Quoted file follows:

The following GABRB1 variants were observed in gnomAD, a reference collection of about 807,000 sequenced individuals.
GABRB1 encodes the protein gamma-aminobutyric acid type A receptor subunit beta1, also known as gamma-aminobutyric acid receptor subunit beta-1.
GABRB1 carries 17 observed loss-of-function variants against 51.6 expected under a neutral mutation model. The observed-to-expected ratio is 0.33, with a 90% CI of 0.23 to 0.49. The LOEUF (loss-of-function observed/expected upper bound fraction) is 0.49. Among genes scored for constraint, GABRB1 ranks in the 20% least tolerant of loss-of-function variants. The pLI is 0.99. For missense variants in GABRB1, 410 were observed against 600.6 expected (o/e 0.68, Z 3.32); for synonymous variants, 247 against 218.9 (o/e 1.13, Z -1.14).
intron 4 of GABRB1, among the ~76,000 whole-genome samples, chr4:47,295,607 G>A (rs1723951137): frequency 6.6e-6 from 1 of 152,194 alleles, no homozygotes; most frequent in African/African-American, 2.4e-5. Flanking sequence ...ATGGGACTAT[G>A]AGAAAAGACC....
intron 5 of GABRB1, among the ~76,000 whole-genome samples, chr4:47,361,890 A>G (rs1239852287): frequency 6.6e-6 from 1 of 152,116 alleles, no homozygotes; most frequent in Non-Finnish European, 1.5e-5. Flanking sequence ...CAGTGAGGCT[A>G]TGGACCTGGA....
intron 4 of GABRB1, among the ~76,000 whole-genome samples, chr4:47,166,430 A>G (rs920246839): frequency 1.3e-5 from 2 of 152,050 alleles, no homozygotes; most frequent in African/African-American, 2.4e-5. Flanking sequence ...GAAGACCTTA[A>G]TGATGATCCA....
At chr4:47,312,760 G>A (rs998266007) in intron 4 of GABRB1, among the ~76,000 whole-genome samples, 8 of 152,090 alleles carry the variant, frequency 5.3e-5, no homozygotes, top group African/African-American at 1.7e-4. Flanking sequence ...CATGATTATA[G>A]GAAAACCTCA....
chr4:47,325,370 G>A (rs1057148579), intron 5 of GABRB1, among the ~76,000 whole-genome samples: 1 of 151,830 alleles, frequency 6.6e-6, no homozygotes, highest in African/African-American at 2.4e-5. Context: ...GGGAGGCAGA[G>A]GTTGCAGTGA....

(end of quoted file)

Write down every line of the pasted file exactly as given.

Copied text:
The following GABRB1 variants were observed in gnomAD, a reference collection of about 807,000 sequenced individuals.
GABRB1 encodes the protein gamma-aminobutyric acid type A receptor subunit beta1, also known as gamma-aminobutyric acid receptor subunit beta-1.
GABRB1 carries 17 observed loss-of-function variants against 51.6 expected under a neutral mutation model. The observed-to-expected ratio is 0.33, with a 90% CI of 0.23 to 0.49. The LOEUF (loss-of-function observed/expected upper bound fraction) is 0.49. Among genes scored for constraint, GABRB1 ranks in the 20% least tolerant of loss-of-function variants. The pLI is 0.99. For missense variants in GABRB1, 410 were observed against 600.6 expected (o/e 0.68, Z 3.32); for synonymous variants, 247 against 218.9 (o/e 1.13, Z -1.14).
intron 4 of GABRB1, among the ~76,000 whole-genome samples, chr4:47,295,607 G>A (rs1723951137): frequency 6.6e-6 from 1 of 152,194 alleles, no homozygotes; most frequent in African/African-American, 2.4e-5. Flanking sequence ...ATGGGACTAT[G>A]AGAAAAGACC....
intron 5 of GABRB1, among the ~76,000 whole-genome samples, chr4:47,361,890 A>G (rs1239852287): frequency 6.6e-6 from 1 of 152,116 alleles, no homozygotes; most frequent in Non-Finnish European, 1.5e-5. Flanking sequence ...CAGTGAGGCT[A>G]TGGACCTGGA....
intron 4 of GABRB1, among the ~76,000 whole-genome samples, chr4:47,166,430 A>G (rs920246839): frequency 1.3e-5 from 2 of 152,050 alleles, no homozygotes; most frequent in African/African-American, 2.4e-5. Flanking sequence ...GAAGACCTTA[A>G]TGATGATCCA....
At chr4:47,312,760 G>A (rs998266007) in intron 4 of GABRB1, among the ~76,000 whole-genome samples, 8 of 152,090 alleles carry the variant, frequency 5.3e-5, no homozygotes, top group African/African-American at 1.7e-4. Flanking sequence ...CATGATTATA[G>A]GAAAACCTCA....
chr4:47,325,370 G>A (rs1057148579), intron 5 of GABRB1, among the ~76,000 whole-genome samples: 1 of 151,830 alleles, frequency 6.6e-6, no homozygotes, highest in African/African-American at 2.4e-5. Context: ...GGGAGGCAGA[G>A]GTTGCAGTGA....